It’s this hardwiring that’s buzzing within us now as we decide every hour of every day how we’re going to respond to the stress and the fear of the invisible, the unknown. It’s waiting to be turned on. Like I said before, many of us are in much more dire situations than others – the most vulnerable and those putting themselves on the front lines – so it is even more important that we embrace our inner oxytocin for them and release compassion, kindness, and love into the world so that no one feels alone. How many times have we heard people saying “We’re all in this together”? To quote Brown again, vulnerability is “having the courage to show up when you can’t control the outcome.” Even more vulnerable is showing up for others.

What world shall we create?


All around the world, including Milwaukee, we’ve seen people fighting the virus in ways that feel controllable, like shielding faces and washing hands, and fleeing the virus through physical distancing and isolation. But now that we’re not “busy” anymore, we have plenty of time to respond to the stress of the crisis with oxytocin-induced compassion and connection. There’s no excuse. The ways in which we’ve been creating and revising the ways we do things seems unprecedented: we’ve all become innovators. How can I share my art and writing, my dance and yoga, even a happy hour clink of the glasses? What mental health resources does my community need? How will my school do virtual learning all of a sudden- – and who needs computers and wifi? How to sustain business and feed the community with curbside pick-up or hundreds of free meal kits for the most vulnerable? How can I continue to exercise and enjoy the fresh air and still maintain physical distance? How can I create spontaneous joy and hope for passersby with chalk drawing, messages, and hopscotch?

In other words, what can we create that can help ourselves and other – and how can we stay connected – with or without the virus?

I’ve found myself working with Jane’s Walk MKE to rethink how residents can still explore the city while being physically distant (ironically, the inspiration book for this year was Priya Parker’s The Art of Gathering: How We Meet and Why It Matters – we’ve all had to rethink how we “gather”). I’ve worked with ArtWorks for Milwaukee to create an artistic response to the crisis, a new project called Abundance MKE, the name taken from another phrase few of us had heard a few months ago: “Out of an abundance of caution.” And during a spring and upcoming summer when interns at Teens Grow Greens were to have gathered in our greenhouses and local farmers markets, as well as begin to lead and mentor Milwaukee youth, our black and brown youth have shown amazing resilience as they maintain an active focus on healthy living for body, mind and spirit, a mindset and behavior that will help them and their loved ones become less susceptible to viruses like COVID-19 in the future. It’s been a frenzy of creativity for the entire community.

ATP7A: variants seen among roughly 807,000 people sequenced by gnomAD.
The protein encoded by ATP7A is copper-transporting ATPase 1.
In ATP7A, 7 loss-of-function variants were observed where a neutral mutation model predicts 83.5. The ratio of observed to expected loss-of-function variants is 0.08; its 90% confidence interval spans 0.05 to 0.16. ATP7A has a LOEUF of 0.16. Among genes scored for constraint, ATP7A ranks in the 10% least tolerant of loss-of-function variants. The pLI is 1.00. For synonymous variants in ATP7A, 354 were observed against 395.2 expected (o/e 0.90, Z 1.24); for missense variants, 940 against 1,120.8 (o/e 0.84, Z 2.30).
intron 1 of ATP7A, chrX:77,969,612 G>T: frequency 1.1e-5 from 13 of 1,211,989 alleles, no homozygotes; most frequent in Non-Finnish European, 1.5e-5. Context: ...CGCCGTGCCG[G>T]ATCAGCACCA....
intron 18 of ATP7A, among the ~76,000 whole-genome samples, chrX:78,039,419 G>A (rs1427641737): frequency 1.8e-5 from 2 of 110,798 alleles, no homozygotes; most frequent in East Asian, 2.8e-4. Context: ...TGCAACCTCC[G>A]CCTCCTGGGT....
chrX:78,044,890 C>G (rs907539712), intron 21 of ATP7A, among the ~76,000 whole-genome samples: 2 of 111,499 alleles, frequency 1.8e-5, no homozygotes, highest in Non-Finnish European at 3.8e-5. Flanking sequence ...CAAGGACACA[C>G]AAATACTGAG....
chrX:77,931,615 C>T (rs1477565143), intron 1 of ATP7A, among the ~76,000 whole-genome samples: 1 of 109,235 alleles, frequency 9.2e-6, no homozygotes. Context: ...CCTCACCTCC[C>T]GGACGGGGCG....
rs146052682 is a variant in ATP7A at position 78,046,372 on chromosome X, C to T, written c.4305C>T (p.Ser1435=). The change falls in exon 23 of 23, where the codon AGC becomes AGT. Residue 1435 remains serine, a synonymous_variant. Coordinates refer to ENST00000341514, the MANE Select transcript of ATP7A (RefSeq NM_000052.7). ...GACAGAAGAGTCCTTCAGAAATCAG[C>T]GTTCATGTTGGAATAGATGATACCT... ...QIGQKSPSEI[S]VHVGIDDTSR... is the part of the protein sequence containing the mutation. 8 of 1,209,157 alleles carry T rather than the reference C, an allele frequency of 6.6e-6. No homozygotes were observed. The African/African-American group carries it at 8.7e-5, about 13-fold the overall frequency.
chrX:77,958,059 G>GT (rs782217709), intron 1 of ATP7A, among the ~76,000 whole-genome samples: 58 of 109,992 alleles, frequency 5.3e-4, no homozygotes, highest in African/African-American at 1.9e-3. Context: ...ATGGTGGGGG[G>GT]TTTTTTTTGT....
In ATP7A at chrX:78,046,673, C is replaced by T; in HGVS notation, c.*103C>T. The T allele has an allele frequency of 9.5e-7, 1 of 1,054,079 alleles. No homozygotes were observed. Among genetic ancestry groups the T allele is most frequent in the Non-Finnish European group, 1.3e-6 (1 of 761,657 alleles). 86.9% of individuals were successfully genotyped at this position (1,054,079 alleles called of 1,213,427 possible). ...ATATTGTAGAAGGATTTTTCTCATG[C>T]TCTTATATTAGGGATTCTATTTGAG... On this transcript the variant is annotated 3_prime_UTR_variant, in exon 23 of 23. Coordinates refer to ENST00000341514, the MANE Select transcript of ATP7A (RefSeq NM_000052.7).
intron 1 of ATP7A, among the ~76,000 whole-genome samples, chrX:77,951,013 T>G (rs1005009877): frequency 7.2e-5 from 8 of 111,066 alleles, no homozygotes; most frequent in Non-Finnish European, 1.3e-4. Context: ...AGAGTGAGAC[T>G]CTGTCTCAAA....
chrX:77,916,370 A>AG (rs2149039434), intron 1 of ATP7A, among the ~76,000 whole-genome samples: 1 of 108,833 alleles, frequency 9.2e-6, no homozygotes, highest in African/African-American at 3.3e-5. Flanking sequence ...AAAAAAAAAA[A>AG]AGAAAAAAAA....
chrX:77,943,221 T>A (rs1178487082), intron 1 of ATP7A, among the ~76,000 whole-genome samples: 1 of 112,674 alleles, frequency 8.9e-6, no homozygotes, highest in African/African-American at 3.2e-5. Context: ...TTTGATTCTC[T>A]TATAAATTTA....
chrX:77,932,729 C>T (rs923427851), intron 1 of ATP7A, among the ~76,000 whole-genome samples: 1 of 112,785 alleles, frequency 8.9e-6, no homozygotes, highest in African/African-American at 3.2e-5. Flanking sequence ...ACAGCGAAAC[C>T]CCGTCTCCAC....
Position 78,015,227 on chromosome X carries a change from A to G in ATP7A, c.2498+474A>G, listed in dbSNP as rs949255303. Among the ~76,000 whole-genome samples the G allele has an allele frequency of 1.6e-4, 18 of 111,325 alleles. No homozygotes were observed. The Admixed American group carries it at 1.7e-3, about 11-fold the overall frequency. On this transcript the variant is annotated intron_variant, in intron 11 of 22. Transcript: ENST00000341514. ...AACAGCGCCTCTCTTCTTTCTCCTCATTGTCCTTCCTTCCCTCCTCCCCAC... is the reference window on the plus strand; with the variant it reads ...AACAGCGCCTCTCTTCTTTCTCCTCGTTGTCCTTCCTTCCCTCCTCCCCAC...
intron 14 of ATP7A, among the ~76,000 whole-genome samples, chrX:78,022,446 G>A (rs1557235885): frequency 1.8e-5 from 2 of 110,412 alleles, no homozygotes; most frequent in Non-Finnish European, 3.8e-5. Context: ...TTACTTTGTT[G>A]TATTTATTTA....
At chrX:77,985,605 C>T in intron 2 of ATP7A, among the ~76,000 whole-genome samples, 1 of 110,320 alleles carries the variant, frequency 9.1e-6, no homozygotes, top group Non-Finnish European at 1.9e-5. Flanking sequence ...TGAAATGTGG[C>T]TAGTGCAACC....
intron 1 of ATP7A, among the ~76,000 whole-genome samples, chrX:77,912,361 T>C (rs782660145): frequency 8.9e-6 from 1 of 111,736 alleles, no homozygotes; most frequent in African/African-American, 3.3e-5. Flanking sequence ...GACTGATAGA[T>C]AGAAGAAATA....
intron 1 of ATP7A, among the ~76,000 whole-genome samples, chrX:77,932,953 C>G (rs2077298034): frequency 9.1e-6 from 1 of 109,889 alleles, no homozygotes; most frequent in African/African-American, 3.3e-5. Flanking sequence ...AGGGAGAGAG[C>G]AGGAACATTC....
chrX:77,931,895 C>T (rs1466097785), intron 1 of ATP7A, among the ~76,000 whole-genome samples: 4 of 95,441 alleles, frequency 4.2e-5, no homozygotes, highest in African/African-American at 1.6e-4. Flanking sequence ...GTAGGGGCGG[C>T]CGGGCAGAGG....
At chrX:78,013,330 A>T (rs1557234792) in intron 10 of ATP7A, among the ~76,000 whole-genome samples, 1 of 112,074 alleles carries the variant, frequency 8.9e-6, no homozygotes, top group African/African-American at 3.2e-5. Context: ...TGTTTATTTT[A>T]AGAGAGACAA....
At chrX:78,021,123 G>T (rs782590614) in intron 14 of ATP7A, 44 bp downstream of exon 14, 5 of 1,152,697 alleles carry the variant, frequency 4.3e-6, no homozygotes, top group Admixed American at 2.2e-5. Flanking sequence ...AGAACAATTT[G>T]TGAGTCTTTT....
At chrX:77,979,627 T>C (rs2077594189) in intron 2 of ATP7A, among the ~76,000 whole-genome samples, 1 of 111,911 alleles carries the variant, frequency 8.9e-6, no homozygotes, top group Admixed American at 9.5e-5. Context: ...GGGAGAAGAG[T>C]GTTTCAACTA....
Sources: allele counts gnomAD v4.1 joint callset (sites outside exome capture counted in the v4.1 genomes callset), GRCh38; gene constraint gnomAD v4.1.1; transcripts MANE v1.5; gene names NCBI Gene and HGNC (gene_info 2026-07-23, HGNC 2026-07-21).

This is why I also got interested in the neuroscience of creativity, which I’m still exploring. So far, I’ve learned that our brain operates in two modes: uncreative and creative. In the first mode, according to neuroscientist Anna Abraham, we follow the “path of least resistance through the black-and-white zone of the expected, the obvious, the accurate or the efficient.” COVID-19 certainly messes with that zone. Of course, many people still flaunt stay-at-home orders to congregate or ignore social distancing or downplay the severity of the crisis, taking the easy route, which is what we usually take in non-crisis moments.

Then there’s the second mode, the creative mode, which kicks in in “contexts that are unclear, vague, and open-ended.” Abraham describes this mode as a “turning away from the path of least resistance and venturing into the briars so to speak in an effort to forge a new path through the gray zone of the unexpected, the vague, the misleading or the unknown.” Sound familiar?

Apparently, our default neural network is the “imagination network,” located deep in the prefrontal cortex and temporal lobes. Lucky for us, this imagination network is responsible for self-reflection, memories, social understanding, empathy, and daydreams, all of which require us to consider previous experiences and emotions and imagine alternative scenarios: Who was I? Who am I now? Who do I want to be? Who were you, are you, could you be? How are we related? What could be? What great mental defenses against the stress, anxiety and fear that the virus has caused.

It’s not like we never asked these questions before the spread of COVID-19. Of course we did. But perhaps we fought our huge problems with too-easy solutions, fled from them in the name of being “too busy,” focused more on our distress than our eustress and kept our brains in uncreative mode for too long.

I’m not saying anything new (or am I?) when I say we’re being given a once-in-a-lifetime opportunity to pause and ask, What world shall we create?

© Photo

Lee Matz

The Milwaukee Independent began reporting on what was then referred to as the mysterious “Wuhan Virus” in January 2020. Other local media did not picked-up on the story until many weeks later. Our early features focused on the economic impact, social issues, and health concerns long before other Milwaukee news organizations even mentioned the coronavirus. Over the following year, we have published hundreds of articles about the pandemic and how it has affected the lives of Milwaukee residents. This extensive body of work can be found on our COVID-19 Special Report page, a chronological index of links by month. Our editorial voice remains dedicated to informing the public about this health crisis for as long as it persists.